26. The GOI is fully committed to majority privatization of banks BCA and Niaga in 2001. The sale process is largely taking place through private placement to strategic investors so as to ensure that both banks attract strong partners. A 10 percent stake in BCA was sold through public offering in July, and the GOI is discussing with Parliament its intention to offer a further 51 percent for sale to a strategic partner by end-year. A strategy for the majority sale by December 2001 of Niaga will be finalized by end-September.
27. In consultation with Parliament, IBRA intends to privatize the remainder of its bank holdings by 2003. A comprehensive divestment plan will be drawn up and presented for Parliamentary approval in the coming months. IBRA is preparing for the divestment of its shares in banks BCA and Niaga in 2002.
V. Corporate Restructuring and Legal Reform
28. Total JITF-mediated debt for which a term sheet or MOU has been signed totaled about $12 billion as of end-June 2001, representing the debt of 54 companies. The JITF has adopted the strategic objective of restructuring (MOU stage) a cumulative total of $14–15 billion by end-2001. Recognizing the importance of moving expeditiously from the MOU stage to legal closure, the JITF will monitor progress toward development and approval of final restructuring agreements, and has begun to incorporate deadlines for final restructuring agreements into the mediation schedules for its cases. JITF will continue to publish a quarterly survey of corporate debt and progress in debt restructuring.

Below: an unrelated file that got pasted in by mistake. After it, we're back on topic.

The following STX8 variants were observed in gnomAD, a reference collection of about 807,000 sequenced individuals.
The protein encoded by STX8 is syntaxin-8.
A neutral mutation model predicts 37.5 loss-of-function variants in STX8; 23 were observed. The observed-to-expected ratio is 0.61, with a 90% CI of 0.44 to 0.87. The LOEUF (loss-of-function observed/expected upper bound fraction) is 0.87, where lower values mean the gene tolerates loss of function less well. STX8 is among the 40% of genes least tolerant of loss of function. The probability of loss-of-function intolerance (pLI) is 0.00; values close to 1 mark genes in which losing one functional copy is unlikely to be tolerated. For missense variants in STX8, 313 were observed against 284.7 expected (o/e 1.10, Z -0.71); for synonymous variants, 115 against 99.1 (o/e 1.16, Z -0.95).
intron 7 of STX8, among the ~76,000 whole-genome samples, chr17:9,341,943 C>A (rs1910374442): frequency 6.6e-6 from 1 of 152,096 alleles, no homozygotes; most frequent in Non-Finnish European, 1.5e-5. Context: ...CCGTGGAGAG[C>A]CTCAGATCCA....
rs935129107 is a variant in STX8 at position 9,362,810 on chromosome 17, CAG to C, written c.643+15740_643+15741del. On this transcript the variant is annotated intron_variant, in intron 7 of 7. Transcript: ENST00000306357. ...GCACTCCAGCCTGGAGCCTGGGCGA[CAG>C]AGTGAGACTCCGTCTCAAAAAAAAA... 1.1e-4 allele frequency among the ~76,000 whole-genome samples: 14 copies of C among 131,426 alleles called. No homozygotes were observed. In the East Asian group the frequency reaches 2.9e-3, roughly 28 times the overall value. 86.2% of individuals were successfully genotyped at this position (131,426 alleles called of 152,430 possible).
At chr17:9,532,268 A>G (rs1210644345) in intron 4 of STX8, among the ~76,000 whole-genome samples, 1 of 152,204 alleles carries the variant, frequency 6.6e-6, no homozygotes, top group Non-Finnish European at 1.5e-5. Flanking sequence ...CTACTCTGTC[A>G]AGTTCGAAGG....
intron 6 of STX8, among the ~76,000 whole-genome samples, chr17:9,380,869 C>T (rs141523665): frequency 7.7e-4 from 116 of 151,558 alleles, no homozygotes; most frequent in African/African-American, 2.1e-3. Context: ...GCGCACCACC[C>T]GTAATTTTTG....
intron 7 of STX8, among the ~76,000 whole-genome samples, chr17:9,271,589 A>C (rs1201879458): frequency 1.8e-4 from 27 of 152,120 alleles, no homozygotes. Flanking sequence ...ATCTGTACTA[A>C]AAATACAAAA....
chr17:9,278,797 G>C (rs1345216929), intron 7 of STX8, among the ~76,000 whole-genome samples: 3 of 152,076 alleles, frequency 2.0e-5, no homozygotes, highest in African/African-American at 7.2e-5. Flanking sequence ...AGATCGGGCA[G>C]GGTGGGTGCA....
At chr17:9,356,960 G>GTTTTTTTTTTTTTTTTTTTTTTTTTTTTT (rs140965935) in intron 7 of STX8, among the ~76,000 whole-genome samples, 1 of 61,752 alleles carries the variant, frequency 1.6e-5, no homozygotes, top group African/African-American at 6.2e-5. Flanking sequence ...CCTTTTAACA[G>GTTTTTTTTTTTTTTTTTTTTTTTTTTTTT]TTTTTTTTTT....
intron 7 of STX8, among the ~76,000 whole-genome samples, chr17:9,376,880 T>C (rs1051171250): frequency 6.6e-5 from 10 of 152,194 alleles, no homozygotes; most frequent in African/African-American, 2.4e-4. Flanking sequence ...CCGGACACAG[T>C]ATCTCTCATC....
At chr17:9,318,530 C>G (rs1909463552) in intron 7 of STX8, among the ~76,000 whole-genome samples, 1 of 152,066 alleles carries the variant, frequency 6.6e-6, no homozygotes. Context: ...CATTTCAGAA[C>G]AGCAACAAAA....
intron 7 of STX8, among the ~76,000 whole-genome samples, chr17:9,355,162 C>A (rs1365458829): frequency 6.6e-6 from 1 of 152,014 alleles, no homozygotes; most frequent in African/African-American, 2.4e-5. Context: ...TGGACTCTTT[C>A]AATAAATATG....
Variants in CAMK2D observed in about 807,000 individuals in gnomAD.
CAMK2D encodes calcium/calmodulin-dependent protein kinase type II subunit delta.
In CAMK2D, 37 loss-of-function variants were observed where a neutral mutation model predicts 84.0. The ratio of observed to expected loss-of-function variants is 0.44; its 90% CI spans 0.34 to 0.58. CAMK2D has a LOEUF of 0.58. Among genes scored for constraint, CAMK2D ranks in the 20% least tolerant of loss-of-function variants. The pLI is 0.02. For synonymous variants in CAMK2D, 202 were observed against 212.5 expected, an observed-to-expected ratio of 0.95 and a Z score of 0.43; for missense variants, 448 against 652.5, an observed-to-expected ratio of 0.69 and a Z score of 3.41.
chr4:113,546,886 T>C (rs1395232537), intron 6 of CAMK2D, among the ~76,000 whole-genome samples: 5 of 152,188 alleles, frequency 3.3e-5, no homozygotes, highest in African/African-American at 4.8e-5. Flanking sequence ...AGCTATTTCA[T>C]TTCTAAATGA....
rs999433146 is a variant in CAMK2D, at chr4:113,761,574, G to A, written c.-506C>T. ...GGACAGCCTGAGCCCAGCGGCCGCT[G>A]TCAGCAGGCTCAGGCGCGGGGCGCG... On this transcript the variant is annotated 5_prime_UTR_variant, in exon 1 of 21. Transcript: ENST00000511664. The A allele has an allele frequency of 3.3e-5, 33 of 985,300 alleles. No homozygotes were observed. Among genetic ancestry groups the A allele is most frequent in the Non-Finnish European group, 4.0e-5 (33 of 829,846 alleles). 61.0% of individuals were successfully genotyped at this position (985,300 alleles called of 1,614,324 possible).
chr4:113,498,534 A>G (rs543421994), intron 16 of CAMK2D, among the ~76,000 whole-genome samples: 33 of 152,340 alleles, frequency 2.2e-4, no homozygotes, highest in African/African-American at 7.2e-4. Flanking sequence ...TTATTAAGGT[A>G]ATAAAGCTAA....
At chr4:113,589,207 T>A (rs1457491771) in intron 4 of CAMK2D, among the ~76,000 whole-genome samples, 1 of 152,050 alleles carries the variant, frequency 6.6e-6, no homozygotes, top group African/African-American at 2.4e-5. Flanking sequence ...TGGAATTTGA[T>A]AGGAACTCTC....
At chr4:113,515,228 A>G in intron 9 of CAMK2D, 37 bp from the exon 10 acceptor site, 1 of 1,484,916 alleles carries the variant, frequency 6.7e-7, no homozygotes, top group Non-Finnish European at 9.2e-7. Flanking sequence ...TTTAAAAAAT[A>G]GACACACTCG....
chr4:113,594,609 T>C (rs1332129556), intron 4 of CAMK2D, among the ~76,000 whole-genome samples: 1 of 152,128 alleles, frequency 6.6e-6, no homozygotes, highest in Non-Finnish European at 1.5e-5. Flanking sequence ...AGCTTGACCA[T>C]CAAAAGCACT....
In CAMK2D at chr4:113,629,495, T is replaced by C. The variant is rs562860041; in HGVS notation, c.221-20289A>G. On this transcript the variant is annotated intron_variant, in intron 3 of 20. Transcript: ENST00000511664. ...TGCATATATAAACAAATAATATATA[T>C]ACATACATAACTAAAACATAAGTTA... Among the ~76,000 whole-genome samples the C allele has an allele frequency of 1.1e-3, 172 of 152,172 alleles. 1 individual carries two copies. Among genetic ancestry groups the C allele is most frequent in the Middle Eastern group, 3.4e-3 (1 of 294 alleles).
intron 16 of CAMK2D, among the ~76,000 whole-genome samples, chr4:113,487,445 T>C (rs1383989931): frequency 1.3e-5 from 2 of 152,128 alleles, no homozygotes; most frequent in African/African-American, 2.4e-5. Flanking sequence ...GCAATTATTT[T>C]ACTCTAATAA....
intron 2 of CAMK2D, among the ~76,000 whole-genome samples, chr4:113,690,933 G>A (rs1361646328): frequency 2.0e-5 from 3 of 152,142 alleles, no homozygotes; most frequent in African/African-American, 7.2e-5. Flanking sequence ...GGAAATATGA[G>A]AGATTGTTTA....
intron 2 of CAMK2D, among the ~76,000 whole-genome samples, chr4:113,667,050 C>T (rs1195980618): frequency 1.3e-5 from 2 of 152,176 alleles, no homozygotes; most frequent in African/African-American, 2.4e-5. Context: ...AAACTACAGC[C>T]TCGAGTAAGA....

29. Excluding the restructured cases mentioned above, the JITF's caseload as of end-June 2001 contained 61 cases with total debt of almost $8 billion. The GOI remains committed to referring strategically important cases to the JITF, including companies to which state banks have significant exposure. By December 2001, we expect FSPC referrals of debt to reach a total of around $10–11 billion.